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Thread: Target Rfiles Converted from a No4T Sniper Rifle

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    Really Senior Member BushyFromOz's Avatar
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    Target Rfiles Converted from a No4T Sniper Rifle



    Whitaker Special
    Enfield No4T
    Target Rifle
    £495



    This is one of the 117 Target Rifles manufactured by (Bert) Herbert Whitaker between 1973 & 1976

    Converted from a No4T Sniper Rifle

    Enfield Rifles
    Last edited by BushyFromOz; 04-22-2017 at 06:26 AM.
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    I picked up a similar one a few years back but made by Geoff Hart, built on a No4T body................ its a good example of what not to do, to a Sniper rifle.

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    Really Senior Member BushyFromOz's Avatar
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    By the time you make all those changes to it, i cant see how you get any accuracy advantage by using a 4T action and molesting it

    ---------- Post added at 07:37 PM ---------- Previous post was at 07:35 PM ----------

    Be nice as a curio though
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    I agree with you chaps concerning it being a waste of a 4T, but I suppose we must remember that when Bert Whitaker & Geoff Hart were doing this 4T's had a far lesser value than they have now, even allowing for inflation over the years. I think I've mentioned before, but back in about 1992 I was introduced to Geoff who was packing up his gunsmithing business, & I was lucky enough to buy his last four 4T receivers off him. They were all complete with pads; three BSA Shirleys & a '31 Trials! A good mate still has the Trials rifle (now completed), & I built a faux (though correct) L42 on one of the BSA's. I still have this as my main 'regular use' rifle, & she's a real tack driver if I do my bit. Attitudes have changed over the years - dare I say it - we are more 'purist' now. Some people would probably criticize me for making an L42 look alike out of a genuine 4T body, & indeed I probably wouldn't now.........but it was a long time ago.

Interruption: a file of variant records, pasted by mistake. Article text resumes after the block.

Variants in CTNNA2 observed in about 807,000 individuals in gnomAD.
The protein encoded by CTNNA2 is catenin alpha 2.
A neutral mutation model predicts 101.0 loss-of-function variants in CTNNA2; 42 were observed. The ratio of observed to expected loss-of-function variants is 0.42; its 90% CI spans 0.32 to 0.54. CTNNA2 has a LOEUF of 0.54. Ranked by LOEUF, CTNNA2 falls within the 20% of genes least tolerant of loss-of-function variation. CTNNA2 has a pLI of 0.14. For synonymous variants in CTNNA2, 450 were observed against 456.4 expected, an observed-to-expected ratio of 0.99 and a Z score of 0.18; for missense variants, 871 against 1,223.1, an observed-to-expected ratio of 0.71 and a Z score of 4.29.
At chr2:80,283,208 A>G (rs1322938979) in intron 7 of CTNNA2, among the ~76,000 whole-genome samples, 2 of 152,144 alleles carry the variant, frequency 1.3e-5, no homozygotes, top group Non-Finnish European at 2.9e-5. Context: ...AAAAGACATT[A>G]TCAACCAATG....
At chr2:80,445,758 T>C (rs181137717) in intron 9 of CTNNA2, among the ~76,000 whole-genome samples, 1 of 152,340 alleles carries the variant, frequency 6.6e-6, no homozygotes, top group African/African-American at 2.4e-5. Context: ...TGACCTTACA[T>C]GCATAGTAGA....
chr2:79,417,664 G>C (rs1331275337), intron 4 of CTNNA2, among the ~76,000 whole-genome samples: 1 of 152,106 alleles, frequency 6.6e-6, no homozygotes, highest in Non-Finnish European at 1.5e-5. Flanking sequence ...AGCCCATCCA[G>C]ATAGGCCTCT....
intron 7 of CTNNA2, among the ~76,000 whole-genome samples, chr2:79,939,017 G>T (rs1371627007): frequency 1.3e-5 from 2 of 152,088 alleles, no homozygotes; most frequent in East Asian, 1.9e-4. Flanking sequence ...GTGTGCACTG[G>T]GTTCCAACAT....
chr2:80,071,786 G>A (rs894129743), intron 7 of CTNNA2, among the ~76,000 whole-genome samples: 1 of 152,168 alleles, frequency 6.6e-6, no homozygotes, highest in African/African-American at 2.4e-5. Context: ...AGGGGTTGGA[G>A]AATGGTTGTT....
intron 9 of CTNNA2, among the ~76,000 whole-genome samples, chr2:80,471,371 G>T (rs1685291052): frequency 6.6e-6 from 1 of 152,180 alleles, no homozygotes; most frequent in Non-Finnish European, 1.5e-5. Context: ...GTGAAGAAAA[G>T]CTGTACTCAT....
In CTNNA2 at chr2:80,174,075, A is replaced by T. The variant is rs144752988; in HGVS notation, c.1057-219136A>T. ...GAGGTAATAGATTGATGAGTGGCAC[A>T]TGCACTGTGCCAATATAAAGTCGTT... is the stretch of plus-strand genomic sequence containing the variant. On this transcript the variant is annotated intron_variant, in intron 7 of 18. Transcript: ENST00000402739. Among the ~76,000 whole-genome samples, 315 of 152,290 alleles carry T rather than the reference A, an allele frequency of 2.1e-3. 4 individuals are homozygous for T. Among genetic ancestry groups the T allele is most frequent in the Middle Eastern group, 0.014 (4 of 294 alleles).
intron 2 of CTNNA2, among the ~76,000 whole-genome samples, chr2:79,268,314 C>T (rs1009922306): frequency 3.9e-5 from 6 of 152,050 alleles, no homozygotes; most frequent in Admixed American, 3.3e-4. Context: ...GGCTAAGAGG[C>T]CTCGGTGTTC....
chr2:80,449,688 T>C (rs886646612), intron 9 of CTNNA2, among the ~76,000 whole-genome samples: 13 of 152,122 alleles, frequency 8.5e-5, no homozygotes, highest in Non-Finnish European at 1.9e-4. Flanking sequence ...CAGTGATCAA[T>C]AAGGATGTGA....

And of course, these rifles do have their adherents........where are you Mick?!?

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    I saw a paper on the reasons behind the supposed enhanced accuracy of these Whittaker and Hart No4T based rifles. All to do with the 'superior inherent accuracy' of the No4T action and barrel and the new restricted non-flexing of the body in the new stock. Don't bother asking me how! As for the already inherent accuracy of the barrel, well I didn't even ask how so when some were fitted with new barrels! A good example of fuzzy logic. It was more a case of re-inventing the wheel - for a slightly oval version. Or how to destroy a No4T, depending on your point of view

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    ....forgot to mention that I seem to recall getting quite a bit of help & advice from a well known armourer when making up the L42 as my main 'target' rifle!

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    I often wondered about grafting a butt socket off a scraper back on to the Hart rifle to make up another No4 T .22............. strange on the subject of target rifles I've just re-built a Musgrave this morning ready to go to auction, the original barrel was bulged which I replaced a couple of years ago, put the stock back on before which I refinished many years ago and it does look a lovely rifle, make an excellent start for someone only problem these these days is folk come into the sport and buy something with all the bells and whistles on...... then realise there a c**p shot.

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    Really Senior Member Strangely Brown's Avatar
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    Quote Originally Posted by Roger Payneicon View Post
    And of course, these rifles do have their adherents........where are you Mick?!?
    Just coming Roger!

    Lets get some perspective in here!
    Bert was doing all of this between 20-7-1973 and 26-6-1976, now how many (except you Roger!) were collecting No.4T's in those days?

    They were plentiful then and the market was demanding 7.62mm target rifles.
    So step forward one Herbert Whitaker who had won the Grand Aggregate at Bisley. Bert knew a thing or two about target rifles, and what the market was demanding in those early days of target rifle transition from .303 to 7.62mm.
    But lets not forget that Bert was also a salesman who knew the value of selling a target rifle that had once been a "sniper" in a previous existence!

    This forum gets this hand ringing every year or so when todays collectors discover that somebody has converted a 4T to a target rifle 40 plus years ago.
    My take on it is that it's history and lets get this straight, not all 117 were 4T's many were bog standard No.4's which in 1973 were hardly setting the world alight!